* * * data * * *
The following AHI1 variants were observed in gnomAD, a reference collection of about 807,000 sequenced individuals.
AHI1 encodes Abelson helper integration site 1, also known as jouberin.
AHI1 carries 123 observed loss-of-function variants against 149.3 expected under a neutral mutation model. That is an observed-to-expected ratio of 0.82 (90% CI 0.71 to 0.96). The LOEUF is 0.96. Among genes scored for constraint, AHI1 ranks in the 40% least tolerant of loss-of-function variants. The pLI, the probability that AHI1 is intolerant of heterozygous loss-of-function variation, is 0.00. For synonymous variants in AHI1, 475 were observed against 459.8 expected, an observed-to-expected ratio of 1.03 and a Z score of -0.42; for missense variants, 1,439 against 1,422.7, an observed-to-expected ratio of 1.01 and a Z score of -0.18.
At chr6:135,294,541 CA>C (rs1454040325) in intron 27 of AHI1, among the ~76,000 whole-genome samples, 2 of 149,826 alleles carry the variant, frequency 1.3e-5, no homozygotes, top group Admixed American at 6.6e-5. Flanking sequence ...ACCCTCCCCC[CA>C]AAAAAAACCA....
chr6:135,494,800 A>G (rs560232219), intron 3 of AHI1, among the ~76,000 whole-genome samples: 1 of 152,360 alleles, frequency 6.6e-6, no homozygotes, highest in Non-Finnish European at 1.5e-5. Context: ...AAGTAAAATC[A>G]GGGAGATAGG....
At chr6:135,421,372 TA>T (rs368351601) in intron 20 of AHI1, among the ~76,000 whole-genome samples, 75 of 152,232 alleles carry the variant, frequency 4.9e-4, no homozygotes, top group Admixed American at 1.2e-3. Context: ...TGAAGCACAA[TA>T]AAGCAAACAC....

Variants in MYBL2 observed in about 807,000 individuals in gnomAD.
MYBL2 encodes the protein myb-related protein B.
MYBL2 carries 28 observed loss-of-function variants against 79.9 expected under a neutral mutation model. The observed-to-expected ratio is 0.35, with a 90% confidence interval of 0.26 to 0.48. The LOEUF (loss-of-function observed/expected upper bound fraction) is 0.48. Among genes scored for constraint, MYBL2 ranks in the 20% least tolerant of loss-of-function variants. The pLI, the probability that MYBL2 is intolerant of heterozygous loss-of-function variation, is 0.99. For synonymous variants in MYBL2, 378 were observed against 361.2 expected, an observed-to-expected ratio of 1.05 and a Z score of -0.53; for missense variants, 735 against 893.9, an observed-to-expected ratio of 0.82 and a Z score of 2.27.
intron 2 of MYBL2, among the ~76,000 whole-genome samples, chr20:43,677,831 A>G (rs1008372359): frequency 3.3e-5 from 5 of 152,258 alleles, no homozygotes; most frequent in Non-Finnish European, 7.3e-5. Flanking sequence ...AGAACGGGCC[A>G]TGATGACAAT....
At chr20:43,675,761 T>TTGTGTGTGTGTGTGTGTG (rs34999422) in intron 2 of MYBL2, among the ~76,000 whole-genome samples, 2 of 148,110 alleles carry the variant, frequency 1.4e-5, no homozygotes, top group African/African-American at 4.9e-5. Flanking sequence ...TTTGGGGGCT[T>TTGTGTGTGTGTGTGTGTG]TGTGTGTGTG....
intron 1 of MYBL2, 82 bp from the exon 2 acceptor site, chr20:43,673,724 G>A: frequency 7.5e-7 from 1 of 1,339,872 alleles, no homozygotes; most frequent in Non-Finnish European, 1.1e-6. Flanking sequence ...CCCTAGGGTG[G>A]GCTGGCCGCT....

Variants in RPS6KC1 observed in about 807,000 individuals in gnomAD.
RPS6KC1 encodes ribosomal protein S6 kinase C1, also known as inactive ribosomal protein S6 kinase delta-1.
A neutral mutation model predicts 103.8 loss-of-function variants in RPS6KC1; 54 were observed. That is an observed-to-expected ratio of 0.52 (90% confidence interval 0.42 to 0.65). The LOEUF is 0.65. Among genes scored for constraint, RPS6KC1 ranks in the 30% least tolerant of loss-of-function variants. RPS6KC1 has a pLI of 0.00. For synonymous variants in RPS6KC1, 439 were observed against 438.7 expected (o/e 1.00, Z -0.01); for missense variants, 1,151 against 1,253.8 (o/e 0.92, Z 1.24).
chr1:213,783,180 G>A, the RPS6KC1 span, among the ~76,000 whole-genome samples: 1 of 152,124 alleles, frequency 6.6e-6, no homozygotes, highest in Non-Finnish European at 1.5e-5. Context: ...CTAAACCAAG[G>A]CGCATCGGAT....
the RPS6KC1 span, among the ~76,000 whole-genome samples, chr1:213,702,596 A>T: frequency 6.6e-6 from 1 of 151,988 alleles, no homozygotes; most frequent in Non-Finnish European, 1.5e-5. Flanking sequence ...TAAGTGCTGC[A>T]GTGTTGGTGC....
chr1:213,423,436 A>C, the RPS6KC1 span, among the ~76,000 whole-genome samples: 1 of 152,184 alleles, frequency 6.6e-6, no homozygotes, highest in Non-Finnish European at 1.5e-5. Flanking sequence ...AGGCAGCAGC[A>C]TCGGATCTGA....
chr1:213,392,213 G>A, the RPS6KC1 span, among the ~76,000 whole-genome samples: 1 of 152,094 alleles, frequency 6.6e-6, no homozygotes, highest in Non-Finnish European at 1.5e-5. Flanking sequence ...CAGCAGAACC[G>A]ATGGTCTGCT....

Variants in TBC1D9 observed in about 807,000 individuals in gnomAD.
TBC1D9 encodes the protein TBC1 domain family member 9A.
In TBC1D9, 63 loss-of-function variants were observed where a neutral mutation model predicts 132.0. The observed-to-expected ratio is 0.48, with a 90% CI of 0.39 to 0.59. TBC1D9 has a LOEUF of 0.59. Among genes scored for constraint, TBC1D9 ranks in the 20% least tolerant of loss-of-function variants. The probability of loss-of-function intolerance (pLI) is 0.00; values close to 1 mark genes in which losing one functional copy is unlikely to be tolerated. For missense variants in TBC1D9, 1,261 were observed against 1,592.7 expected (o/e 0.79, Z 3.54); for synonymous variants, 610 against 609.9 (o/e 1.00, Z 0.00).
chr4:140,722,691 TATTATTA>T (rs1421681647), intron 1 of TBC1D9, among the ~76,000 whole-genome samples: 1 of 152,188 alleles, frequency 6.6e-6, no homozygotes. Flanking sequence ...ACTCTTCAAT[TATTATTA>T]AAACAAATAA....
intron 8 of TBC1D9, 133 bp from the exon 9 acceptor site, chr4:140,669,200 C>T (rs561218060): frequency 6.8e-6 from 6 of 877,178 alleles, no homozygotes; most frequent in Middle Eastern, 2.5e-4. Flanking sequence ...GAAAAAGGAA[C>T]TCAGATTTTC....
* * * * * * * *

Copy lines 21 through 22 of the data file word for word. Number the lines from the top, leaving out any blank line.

TBC1D9 encodes the protein TBC1 domain family member 9A.
In TBC1D9, 63 loss-of-function variants were observed where a neutral mutation model predicts 132.0. The observed-to-expected ratio is 0.48, with a 90% CI of 0.39 to 0.59. TBC1D9 has a LOEUF of 0.59. Among genes scored for constraint, TBC1D9 ranks in the 20% least tolerant of loss-of-function variants. The probability of loss-of-function intolerance (pLI) is 0.00; values close to 1 mark genes in which losing one functional copy is unlikely to be tolerated. For missense variants in TBC1D9, 1,261 were observed against 1,592.7 expected (o/e 0.79, Z 3.54); for synonymous variants, 610 against 609.9 (o/e 1.00, Z 0.00).